Kosenko described his op.19 as a ‘family album’, with the majority of the Etudes carrying a dedication to a relative (he reserves the Passacaglia for his wife, Anna). Whether each work bears any resemblance to the character of its dedicatee can only be imagined, but if so, then Kosenko’s nephew Fedir must have been a particular favourite – ‘his’ lively Rigaudon in C major, no.8, provides one of the highlights here.
Maggie Williams International Piano
This is immensely attractive music that has been rescued from obscurity by Toccata Classics and Natalya Shkoda. Hers is the “First Western Recording”.
Viktor Stepanovych Kosenko (1896-1938), born in St Petersburg, was Ukrainian, a highly respected composer, teacher and pianist (during his lifetime) whose musical gifts – there are stories of his prodigious ability, when a child, to memorise, sight-read, and transpose – allowed him to choose music as his career rather than the expected one in the army. Short-lived as he was, Kosenko wrote quite a lot of music, and not only for piano; there are chamber and orchestral works and concertos for violin and for piano.
Kosenko’s Etudes, composed between 1927 to 1929, are immediately likeable while not being at all predictable – melodic, expertly crafted, flowing and embracing classical structure and romantic ideals, with Ukrainian folk-music embraced if not quoted from. If ‘etude’ suggests that these works are technically challenging, then this is no doubt the case – although Natalya Shkoda makes light work of such challenges – and what impresses is the clarity of Kosenko’s writing and that his is a strong and distinctive musical language; there are echoes of Chopin and Tchaikovsky, to be sure, as well, at times, of a Bachian template, but there is also something pleasingly individual, too, based not on fad but on tradition and innate skill.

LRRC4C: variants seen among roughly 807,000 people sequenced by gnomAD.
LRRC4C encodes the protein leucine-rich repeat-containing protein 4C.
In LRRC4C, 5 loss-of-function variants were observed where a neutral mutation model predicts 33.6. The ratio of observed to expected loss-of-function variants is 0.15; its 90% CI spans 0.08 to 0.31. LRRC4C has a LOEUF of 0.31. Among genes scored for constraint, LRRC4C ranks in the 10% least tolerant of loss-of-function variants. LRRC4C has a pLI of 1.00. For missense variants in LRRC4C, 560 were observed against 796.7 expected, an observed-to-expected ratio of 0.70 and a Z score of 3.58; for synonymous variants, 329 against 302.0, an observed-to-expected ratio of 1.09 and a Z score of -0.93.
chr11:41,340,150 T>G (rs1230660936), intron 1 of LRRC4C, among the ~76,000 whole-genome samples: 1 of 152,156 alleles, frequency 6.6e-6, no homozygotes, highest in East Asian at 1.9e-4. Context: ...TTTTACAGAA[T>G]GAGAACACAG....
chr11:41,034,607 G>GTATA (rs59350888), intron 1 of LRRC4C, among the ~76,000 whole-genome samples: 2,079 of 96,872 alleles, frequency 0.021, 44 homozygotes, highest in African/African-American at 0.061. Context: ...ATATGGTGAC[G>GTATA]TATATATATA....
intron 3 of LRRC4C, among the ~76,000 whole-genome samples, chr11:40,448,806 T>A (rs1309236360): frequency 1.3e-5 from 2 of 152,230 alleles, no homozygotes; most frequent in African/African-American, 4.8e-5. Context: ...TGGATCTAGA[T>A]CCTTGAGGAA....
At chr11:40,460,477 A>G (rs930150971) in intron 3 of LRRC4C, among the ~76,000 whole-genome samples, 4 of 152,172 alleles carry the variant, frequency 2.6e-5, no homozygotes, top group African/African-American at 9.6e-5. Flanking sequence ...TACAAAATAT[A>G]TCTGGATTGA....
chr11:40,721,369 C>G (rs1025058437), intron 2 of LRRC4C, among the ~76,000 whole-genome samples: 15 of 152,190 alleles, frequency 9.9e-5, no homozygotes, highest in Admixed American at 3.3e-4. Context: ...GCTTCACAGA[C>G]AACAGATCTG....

Kosenko’s, then, is music of craft and heart, and a wide-range of emotions. The opening ‘Gavotte’ is jaunty and memorably tuneful; the fifth movement ‘Sarabande’ is soulful and dramatic; the following ‘Bourrée’ has the crispness of Rameau or Couperin (updated); and there is the drawing-room good-taste of the ‘Minuet’, the ultimate contrast with the large-scale nobility of the penultimate movement, a ‘Passacaglia’, lasting here nearly 20 minutes, music of substance, a brooding synthesis of Brahms and Rachmaninov. To complete the cycle – nine of the movements are dedicated to members of Kosenko’s family – is a ‘Gigue’ that in its controlled rapidity offers a noble summation to music that is harmonically engaging, varied and resourceful.
Eleven Etudes in the Form of Old Dances is a real discovery, and is played with the utmost sympathy and technical elan by Natalya Shkoda; she also writes the booklet note, giving a general introduction to Kosenko as well as detailed commentary on the pieces. One wants to hear more of Kosenko’s music – piano or otherwise. That this release is inscribed “Piano Music, Volume 1” seems wholly reasonable; Kosenko is a composer well overdue international consideration.
Colin Anderson Classical Source